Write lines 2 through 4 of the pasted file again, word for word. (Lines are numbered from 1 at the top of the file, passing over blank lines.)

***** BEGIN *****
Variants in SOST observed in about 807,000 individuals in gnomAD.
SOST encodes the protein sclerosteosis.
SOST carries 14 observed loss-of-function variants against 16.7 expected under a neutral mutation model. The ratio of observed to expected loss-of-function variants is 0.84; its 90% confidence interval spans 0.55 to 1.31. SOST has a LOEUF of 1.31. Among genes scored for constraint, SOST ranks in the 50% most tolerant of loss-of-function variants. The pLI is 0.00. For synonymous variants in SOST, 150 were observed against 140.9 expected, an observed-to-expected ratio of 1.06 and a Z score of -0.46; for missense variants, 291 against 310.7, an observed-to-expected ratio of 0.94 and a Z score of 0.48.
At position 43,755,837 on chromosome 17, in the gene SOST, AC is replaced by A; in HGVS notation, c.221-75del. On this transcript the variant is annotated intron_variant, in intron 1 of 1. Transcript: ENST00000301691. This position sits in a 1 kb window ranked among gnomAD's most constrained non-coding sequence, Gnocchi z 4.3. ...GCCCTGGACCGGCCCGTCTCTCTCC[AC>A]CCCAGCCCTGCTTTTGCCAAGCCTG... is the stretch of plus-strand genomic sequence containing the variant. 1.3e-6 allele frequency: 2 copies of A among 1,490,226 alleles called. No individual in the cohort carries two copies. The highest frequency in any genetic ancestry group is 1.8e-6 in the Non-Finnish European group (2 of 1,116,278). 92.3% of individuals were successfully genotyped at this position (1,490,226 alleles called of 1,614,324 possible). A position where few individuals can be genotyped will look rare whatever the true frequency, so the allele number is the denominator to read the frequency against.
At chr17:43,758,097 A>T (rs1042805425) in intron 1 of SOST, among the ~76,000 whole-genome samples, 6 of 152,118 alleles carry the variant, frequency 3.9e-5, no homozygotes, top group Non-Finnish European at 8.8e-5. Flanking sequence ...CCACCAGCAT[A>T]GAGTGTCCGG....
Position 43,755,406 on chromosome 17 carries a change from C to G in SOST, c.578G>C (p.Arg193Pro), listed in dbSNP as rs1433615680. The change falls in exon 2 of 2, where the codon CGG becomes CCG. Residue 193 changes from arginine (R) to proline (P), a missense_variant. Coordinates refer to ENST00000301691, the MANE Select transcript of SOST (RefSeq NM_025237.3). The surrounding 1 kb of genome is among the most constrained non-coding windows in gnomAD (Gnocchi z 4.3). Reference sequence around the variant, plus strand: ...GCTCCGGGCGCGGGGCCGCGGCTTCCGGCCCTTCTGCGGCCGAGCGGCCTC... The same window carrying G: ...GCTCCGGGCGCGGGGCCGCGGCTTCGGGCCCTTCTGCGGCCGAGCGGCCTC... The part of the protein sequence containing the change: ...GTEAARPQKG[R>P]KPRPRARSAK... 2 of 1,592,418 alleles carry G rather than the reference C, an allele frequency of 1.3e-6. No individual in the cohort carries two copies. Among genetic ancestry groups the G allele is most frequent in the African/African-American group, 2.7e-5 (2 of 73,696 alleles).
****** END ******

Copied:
SOST encodes the protein sclerosteosis.
SOST carries 14 observed loss-of-function variants against 16.7 expected under a neutral mutation model. The ratio of observed to expected loss-of-function variants is 0.84; its 90% confidence interval spans 0.55 to 1.31. SOST has a LOEUF of 1.31. Among genes scored for constraint, SOST ranks in the 50% most tolerant of loss-of-function variants. The pLI is 0.00. For synonymous variants in SOST, 150 were observed against 140.9 expected, an observed-to-expected ratio of 1.06 and a Z score of -0.46; for missense variants, 291 against 310.7, an observed-to-expected ratio of 0.94 and a Z score of 0.48.
At position 43,755,837 on chromosome 17, in the gene SOST, AC is replaced by A; in HGVS notation, c.221-75del. On this transcript the variant is annotated intron_variant, in intron 1 of 1. Transcript: ENST00000301691. This position sits in a 1 kb window ranked among gnomAD's most constrained non-coding sequence, Gnocchi z 4.3. ...GCCCTGGACCGGCCCGTCTCTCTCC[AC>A]CCCAGCCCTGCTTTTGCCAAGCCTG... is the stretch of plus-strand genomic sequence containing the variant. 1.3e-6 allele frequency: 2 copies of A among 1,490,226 alleles called. No individual in the cohort carries two copies. The highest frequency in any genetic ancestry group is 1.8e-6 in the Non-Finnish European group (2 of 1,116,278). 92.3% of individuals were successfully genotyped at this position (1,490,226 alleles called of 1,614,324 possible). A position where few individuals can be genotyped will look rare whatever the true frequency, so the allele number is the denominator to read the frequency against.